Format: Hardcover
Rather sad book which draws on his erudition and his personal experience. The background is interesting, but when he describes his experience with his mother`s decline and death, for me he descends into unconvincing sentimentality. I guess he should stick to the academic writing he is undoubtedly skilled in, as those are the best parts of the book. Little genuine experience of the relationship of the physical to the spiritual desert comes through for me with any conviction. I`m glad he survived;but it doesn`t share enough of his experience to enlighten me.
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Format: Hardcover
What a curious book this one is, joining three main narrative threads: spiritual journals of the author's experiences in desolate terrains, emotional journals of the author's mother's protracted and painful death, and historical chronicles of monastic places and practices. The candor, humility, and knowledge of the author is everywhere evident. Lane has as deep an awareness of theological writings as he has passionate appreciation for some fine desert writers (neither naturalists nor ecologists fits them better). I cannot say every page of this book provided easy going or smooth engagement, but that can hardly be said to be the point of the book. The author mentions the relative ordinariness of the lives of those who seek spiritual focus in these places. The ordinariness of these lives makes the strange ferocity of the surrounding landscapes more portentous. I came to this book seeking description of the fierce landscapes and was rewarded. The rest of the book made for bracing enrichment of the sort I can't say I commonly read (grief memoirs & theology).
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Format: Hardcover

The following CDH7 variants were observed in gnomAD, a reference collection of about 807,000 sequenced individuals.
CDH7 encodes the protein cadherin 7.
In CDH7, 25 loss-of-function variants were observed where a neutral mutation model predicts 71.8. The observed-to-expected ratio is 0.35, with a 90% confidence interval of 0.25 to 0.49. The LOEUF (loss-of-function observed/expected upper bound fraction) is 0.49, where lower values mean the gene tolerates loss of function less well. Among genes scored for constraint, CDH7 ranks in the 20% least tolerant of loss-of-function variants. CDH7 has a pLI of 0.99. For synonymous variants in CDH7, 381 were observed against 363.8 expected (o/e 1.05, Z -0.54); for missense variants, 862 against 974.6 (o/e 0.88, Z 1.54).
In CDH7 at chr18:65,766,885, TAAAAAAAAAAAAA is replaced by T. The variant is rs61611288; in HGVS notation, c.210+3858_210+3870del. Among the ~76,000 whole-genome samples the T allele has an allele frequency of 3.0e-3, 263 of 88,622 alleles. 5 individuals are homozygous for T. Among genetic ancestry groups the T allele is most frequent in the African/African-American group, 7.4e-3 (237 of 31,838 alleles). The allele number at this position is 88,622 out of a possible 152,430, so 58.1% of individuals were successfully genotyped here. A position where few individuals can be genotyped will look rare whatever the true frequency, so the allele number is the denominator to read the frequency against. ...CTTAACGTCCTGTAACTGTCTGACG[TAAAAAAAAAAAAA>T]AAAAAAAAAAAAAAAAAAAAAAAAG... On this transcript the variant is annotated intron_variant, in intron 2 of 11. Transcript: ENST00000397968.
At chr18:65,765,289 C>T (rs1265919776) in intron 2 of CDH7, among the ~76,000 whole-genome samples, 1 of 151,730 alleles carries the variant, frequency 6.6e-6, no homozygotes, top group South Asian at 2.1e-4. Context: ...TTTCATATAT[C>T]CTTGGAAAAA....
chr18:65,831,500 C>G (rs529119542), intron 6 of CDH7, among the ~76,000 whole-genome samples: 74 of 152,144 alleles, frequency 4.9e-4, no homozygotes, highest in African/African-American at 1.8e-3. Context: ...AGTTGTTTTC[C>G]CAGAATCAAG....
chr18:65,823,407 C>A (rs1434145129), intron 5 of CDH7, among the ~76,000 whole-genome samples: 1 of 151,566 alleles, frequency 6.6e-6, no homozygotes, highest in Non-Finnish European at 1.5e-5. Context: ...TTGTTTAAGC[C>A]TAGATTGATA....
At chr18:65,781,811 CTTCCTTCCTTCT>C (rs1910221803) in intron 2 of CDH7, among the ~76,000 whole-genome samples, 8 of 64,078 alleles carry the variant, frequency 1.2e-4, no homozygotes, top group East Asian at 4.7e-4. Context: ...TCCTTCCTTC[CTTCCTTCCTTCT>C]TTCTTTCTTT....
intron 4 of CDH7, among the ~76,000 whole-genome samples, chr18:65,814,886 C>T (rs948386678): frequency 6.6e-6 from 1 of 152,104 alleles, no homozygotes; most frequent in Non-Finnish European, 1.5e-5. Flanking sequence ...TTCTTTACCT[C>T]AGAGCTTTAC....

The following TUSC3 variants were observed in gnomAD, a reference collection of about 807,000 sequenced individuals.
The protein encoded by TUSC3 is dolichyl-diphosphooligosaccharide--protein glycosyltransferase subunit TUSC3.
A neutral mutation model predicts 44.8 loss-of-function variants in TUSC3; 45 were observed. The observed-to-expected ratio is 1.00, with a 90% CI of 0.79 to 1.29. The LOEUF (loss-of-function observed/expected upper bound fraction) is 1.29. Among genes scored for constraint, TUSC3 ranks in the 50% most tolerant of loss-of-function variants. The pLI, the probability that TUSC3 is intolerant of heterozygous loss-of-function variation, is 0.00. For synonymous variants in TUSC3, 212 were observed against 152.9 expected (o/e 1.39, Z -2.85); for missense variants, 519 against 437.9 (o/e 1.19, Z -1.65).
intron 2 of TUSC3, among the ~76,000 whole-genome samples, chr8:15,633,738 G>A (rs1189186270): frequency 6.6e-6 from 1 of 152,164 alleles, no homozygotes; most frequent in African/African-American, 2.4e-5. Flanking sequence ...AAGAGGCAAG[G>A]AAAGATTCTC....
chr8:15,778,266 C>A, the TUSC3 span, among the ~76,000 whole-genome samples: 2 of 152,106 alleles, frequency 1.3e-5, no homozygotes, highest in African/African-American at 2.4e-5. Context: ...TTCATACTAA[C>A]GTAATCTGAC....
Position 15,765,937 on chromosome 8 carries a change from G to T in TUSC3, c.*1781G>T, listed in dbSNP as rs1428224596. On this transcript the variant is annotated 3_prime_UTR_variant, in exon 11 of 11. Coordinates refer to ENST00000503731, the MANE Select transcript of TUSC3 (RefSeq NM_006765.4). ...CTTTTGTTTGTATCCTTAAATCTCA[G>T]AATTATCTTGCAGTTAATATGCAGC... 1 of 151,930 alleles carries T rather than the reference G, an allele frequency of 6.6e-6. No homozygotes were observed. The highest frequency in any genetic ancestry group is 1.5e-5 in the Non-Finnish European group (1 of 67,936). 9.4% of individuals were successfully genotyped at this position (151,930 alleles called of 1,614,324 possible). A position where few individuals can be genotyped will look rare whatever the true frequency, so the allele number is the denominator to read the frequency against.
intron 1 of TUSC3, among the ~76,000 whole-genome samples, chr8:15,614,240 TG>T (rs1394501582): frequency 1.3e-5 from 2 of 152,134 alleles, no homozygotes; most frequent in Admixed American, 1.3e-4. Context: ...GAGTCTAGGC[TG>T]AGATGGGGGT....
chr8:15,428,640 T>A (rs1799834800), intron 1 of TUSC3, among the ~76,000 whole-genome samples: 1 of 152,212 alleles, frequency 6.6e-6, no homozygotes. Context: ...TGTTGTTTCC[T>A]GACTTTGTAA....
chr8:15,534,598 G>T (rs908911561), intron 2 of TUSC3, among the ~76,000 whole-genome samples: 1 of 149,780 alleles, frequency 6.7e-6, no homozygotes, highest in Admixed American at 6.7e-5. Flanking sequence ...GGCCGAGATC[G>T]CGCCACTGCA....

This is a most amazing book, impossible to classify. It is written on a number of levels at once; if you have read 'Zen and the Art of Motorcycle Maintenance', which broke new ground twenty years or so ago, you will know what I mean. The whole book is about prayer, in one way or another; I found it marvellous and beautifully written. If you are a desert dweller, this one is for you. The exploration of desert and mountain landscapes goes hand in hand with a reading of the apophatic traditions of prayer. "The desert practice of contemplative prayer abandons, on principle, all experiences of God or the self. It simply insists that being present before God, in a silence beyond words, is an end in itself....In the practice of contemplation, one comes eventually to embrace an apophatic anthropology, letting go of everything one might have imagined as constituting the self - one's thoughts, one's desires, all one's compulsive needs. Joined in the silence of prayer to a God beyond knowing, I no longer have to scramble to sustain a fragile ego but discern instead the source and ground of my being in the fierce landscape of God alone. One's self is ever a tenuous thing, discovered only in relinquishment. I recognize it finally as a vast, empty expanse opening out on to the incomparable desert of God". (pp 12-13) . . . "Apophatic spirituality has to start at the point where every other possibility ends. Whether we arrive there by means of a moment of stark extremity in our lives or (metaphorically) by way of entry into a high desert landscape, the sense of inadequacy remains the same. Prayer without words can only begin where loss is reckoned as total"